The Telegraph
Since 1st March, 1999
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The Japan-based Sony Corporation has made the biggest investment in Asian production. Columbia Pictures Film Production Asia — the Hong Kong-based subsidiary of Sony’s Hollywood studio — has produced a number of films, including Ang Lee’s Crouching Tiger, Hidden Dragon, Zhang Yimou’s Not One Less and The Road Home, Tsui Hark’s Time and Tide, Feng Xiaogang’s Big Shot’s Funeral, and Corey Yuen’s So Close. The studios are also becoming important distributors of Asian films. Warner Brothers, for instance, recently picked up a Filipino film for local distribution in the Philippines.

In the United States of America, Disney released the Academy Award-winning Japanese animated film Spirited Away and Miramax regularly distributes Asian arthouse and commercial films in theatres and on home video. When scholars talk about global cinema they usually mean the Hollywood blockbusters that perform well in markets around the world — films like Titanic or Jurassic Park.

But the integration of Hollywood and Asian film industries is producing a different kind of global cinema: films which contain material and stylistic elements from industries on both sides of the Pacific. Hero, China’s official submission for this year's foreign language Academy Award, is one example of this new global cinema. Zhang Yimou, a mainland filmmaker who has disavowed any desire to work in Hollywood, wrote and directed this Mandarin-language martial arts film using actors and high-end technical talent from Hong Kong.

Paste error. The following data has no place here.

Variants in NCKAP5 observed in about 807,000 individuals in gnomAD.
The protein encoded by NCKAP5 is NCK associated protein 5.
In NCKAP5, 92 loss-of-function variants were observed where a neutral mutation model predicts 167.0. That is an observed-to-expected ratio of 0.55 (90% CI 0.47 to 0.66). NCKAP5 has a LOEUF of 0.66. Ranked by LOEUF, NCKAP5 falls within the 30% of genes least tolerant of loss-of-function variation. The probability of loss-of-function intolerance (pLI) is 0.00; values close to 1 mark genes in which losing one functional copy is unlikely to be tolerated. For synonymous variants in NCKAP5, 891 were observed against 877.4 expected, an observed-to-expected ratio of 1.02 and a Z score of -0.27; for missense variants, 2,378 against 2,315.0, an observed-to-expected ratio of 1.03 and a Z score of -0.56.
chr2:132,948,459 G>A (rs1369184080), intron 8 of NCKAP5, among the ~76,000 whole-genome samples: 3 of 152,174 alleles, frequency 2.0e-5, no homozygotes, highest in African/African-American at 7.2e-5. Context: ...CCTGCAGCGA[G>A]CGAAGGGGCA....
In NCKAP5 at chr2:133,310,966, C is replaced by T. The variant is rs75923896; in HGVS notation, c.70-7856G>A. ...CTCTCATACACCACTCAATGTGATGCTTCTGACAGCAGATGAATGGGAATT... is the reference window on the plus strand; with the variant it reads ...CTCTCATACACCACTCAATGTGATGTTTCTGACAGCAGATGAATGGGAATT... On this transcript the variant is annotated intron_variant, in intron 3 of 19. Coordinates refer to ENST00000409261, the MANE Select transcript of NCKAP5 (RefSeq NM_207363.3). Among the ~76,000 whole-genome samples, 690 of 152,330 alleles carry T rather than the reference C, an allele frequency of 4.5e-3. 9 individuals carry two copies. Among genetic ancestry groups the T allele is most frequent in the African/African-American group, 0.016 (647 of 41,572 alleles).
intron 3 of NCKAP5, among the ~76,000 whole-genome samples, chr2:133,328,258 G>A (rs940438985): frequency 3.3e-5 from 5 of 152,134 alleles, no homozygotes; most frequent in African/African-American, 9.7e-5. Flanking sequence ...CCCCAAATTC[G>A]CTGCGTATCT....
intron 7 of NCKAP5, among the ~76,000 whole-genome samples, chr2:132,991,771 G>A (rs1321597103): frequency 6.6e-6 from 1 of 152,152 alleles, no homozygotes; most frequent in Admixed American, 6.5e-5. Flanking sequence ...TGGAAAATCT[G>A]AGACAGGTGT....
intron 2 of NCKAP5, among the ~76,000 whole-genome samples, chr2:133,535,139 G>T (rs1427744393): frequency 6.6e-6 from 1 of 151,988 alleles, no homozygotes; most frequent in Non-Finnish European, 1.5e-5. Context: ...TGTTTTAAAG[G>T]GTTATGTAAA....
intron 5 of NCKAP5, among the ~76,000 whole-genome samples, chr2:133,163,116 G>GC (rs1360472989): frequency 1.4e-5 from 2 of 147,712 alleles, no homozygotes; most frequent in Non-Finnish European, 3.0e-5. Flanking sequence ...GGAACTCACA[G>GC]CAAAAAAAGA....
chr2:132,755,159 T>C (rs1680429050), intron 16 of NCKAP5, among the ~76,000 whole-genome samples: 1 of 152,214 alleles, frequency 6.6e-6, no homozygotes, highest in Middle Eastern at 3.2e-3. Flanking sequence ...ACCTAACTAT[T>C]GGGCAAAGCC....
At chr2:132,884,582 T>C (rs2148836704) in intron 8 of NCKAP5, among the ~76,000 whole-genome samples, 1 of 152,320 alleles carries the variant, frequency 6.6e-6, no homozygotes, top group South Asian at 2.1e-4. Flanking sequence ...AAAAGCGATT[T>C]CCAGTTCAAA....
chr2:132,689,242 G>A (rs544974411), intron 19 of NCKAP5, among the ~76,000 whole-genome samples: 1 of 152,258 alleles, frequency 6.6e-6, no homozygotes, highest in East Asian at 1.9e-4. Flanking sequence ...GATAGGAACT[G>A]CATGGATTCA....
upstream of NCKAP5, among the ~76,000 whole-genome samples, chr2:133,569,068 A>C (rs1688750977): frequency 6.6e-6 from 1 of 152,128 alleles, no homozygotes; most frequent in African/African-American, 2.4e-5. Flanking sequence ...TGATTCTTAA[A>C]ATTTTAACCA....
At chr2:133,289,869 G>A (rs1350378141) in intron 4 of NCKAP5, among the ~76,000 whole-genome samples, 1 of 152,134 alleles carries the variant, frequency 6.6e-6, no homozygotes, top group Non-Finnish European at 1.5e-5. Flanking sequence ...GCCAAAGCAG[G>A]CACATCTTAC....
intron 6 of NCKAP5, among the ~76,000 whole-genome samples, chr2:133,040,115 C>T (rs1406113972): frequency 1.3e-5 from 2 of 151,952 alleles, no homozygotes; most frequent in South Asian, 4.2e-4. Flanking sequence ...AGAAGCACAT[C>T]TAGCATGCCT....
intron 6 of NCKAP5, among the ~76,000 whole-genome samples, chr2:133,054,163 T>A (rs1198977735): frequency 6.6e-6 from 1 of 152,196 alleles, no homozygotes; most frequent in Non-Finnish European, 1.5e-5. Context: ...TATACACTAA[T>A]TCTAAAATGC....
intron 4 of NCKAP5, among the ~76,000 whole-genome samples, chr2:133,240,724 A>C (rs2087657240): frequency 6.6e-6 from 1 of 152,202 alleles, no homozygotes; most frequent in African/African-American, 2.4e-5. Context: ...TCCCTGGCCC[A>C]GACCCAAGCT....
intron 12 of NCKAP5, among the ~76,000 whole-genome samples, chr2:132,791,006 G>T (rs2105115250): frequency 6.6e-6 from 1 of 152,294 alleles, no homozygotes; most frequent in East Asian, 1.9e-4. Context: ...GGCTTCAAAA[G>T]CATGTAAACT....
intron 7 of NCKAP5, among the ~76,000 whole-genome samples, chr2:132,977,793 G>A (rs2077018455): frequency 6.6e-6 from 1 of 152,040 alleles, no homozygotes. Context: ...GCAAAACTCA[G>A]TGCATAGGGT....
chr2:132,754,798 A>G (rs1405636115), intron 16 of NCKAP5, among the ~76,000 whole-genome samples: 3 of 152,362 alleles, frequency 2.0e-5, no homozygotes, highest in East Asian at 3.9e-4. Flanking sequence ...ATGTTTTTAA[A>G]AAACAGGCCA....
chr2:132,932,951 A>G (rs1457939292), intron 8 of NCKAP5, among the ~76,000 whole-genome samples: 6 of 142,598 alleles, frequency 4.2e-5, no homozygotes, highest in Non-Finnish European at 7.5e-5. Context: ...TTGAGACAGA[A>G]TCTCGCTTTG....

Miramax supplied a portion of its huge (by Chinese standards) budget of $ 30 million, and the producers consciously aimed the film at mass audiences in Asia and the US. It may no longer make sense to try to categorize a film like Hero in national terms.

Which criteria should determine its identity' The citizenship or ethnicity of its talent' The source of its financing' The location of its production' Its language' Its audience' Its visual style, themes, or story' Today, the notion of a distinctly American or Chinese or Indian cinema is breaking down, as film industries around the world become increasingly integrated with one another in ways that make them simultaneously more global and more local.

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